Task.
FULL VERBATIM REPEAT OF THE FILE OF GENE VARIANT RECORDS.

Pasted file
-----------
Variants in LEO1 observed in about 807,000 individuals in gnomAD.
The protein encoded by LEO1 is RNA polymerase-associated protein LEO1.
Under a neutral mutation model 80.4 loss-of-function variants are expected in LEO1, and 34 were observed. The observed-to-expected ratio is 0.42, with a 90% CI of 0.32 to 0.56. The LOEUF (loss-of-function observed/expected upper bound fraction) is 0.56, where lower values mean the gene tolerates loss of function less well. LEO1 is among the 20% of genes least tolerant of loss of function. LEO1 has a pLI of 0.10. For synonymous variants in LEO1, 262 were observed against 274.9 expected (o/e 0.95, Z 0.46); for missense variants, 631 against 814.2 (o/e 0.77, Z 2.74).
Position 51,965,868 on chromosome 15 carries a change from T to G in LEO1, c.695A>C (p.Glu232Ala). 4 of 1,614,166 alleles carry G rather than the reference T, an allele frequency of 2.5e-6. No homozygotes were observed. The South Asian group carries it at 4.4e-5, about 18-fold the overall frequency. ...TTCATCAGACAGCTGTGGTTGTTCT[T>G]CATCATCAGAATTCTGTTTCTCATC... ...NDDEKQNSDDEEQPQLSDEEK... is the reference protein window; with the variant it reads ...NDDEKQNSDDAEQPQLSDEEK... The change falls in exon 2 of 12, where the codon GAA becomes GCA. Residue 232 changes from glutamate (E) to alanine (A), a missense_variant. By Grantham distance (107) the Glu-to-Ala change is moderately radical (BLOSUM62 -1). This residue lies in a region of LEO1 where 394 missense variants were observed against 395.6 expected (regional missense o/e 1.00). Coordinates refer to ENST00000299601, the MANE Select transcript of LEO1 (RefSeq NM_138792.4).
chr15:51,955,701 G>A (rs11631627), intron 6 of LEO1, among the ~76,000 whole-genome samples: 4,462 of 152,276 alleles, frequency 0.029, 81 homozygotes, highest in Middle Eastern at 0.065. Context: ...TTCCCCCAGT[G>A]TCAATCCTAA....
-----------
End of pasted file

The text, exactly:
Variants in LEO1 observed in about 807,000 individuals in gnomAD.
The protein encoded by LEO1 is RNA polymerase-associated protein LEO1.
Under a neutral mutation model 80.4 loss-of-function variants are expected in LEO1, and 34 were observed. The observed-to-expected ratio is 0.42, with a 90% CI of 0.32 to 0.56. The LOEUF (loss-of-function observed/expected upper bound fraction) is 0.56, where lower values mean the gene tolerates loss of function less well. LEO1 is among the 20% of genes least tolerant of loss of function. LEO1 has a pLI of 0.10. For synonymous variants in LEO1, 262 were observed against 274.9 expected (o/e 0.95, Z 0.46); for missense variants, 631 against 814.2 (o/e 0.77, Z 2.74).
Position 51,965,868 on chromosome 15 carries a change from T to G in LEO1, c.695A>C (p.Glu232Ala). 4 of 1,614,166 alleles carry G rather than the reference T, an allele frequency of 2.5e-6. No homozygotes were observed. The South Asian group carries it at 4.4e-5, about 18-fold the overall frequency. ...TTCATCAGACAGCTGTGGTTGTTCT[T>G]CATCATCAGAATTCTGTTTCTCATC... ...NDDEKQNSDDEEQPQLSDEEK... is the reference protein window; with the variant it reads ...NDDEKQNSDDAEQPQLSDEEK... The change falls in exon 2 of 12, where the codon GAA becomes GCA. Residue 232 changes from glutamate (E) to alanine (A), a missense_variant. By Grantham distance (107) the Glu-to-Ala change is moderately radical (BLOSUM62 -1). This residue lies in a region of LEO1 where 394 missense variants were observed against 395.6 expected (regional missense o/e 1.00). Coordinates refer to ENST00000299601, the MANE Select transcript of LEO1 (RefSeq NM_138792.4).
chr15:51,955,701 G>A (rs11631627), intron 6 of LEO1, among the ~76,000 whole-genome samples: 4,462 of 152,276 alleles, frequency 0.029, 81 homozygotes, highest in Middle Eastern at 0.065. Context: ...TTCCCCCAGT[G>A]TCAATCCTAA....